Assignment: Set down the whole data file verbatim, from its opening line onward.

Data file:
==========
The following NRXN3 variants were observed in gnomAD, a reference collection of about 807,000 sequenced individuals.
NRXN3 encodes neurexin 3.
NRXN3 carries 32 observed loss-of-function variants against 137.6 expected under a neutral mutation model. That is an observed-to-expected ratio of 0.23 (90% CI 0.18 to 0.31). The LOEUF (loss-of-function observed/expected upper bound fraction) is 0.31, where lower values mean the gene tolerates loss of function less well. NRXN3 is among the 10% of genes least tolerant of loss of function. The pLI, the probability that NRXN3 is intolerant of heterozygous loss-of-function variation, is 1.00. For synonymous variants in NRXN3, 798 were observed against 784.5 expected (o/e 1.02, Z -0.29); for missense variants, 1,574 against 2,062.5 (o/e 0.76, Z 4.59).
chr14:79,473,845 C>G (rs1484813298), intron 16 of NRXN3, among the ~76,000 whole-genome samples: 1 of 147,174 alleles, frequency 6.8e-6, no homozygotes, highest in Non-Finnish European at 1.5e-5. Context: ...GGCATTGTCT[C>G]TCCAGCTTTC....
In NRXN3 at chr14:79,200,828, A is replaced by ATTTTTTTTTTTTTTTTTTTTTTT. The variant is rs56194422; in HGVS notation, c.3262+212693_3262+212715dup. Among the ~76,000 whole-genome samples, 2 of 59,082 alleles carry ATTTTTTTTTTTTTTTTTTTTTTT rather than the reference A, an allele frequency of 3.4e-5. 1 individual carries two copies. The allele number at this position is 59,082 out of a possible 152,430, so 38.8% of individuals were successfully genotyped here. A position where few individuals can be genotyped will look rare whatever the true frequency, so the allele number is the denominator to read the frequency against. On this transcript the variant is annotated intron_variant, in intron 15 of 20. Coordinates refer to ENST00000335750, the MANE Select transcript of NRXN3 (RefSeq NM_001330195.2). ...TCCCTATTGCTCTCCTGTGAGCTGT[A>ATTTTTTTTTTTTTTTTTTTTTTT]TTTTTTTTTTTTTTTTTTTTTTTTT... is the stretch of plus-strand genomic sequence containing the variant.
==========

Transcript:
The following NRXN3 variants were observed in gnomAD, a reference collection of about 807,000 sequenced individuals.
NRXN3 encodes neurexin 3.
NRXN3 carries 32 observed loss-of-function variants against 137.6 expected under a neutral mutation model. That is an observed-to-expected ratio of 0.23 (90% CI 0.18 to 0.31). The LOEUF (loss-of-function observed/expected upper bound fraction) is 0.31, where lower values mean the gene tolerates loss of function less well. NRXN3 is among the 10% of genes least tolerant of loss of function. The pLI, the probability that NRXN3 is intolerant of heterozygous loss-of-function variation, is 1.00. For synonymous variants in NRXN3, 798 were observed against 784.5 expected (o/e 1.02, Z -0.29); for missense variants, 1,574 against 2,062.5 (o/e 0.76, Z 4.59).
chr14:79,473,845 C>G (rs1484813298), intron 16 of NRXN3, among the ~76,000 whole-genome samples: 1 of 147,174 alleles, frequency 6.8e-6, no homozygotes, highest in Non-Finnish European at 1.5e-5. Context: ...GGCATTGTCT[C>G]TCCAGCTTTC....
In NRXN3 at chr14:79,200,828, A is replaced by ATTTTTTTTTTTTTTTTTTTTTTT. The variant is rs56194422; in HGVS notation, c.3262+212693_3262+212715dup. Among the ~76,000 whole-genome samples, 2 of 59,082 alleles carry ATTTTTTTTTTTTTTTTTTTTTTT rather than the reference A, an allele frequency of 3.4e-5. 1 individual carries two copies. The allele number at this position is 59,082 out of a possible 152,430, so 38.8% of individuals were successfully genotyped here. A position where few individuals can be genotyped will look rare whatever the true frequency, so the allele number is the denominator to read the frequency against. On this transcript the variant is annotated intron_variant, in intron 15 of 20. Coordinates refer to ENST00000335750, the MANE Select transcript of NRXN3 (RefSeq NM_001330195.2). ...TCCCTATTGCTCTCCTGTGAGCTGT[A>ATTTTTTTTTTTTTTTTTTTTTTT]TTTTTTTTTTTTTTTTTTTTTTTTT... is the stretch of plus-strand genomic sequence containing the variant.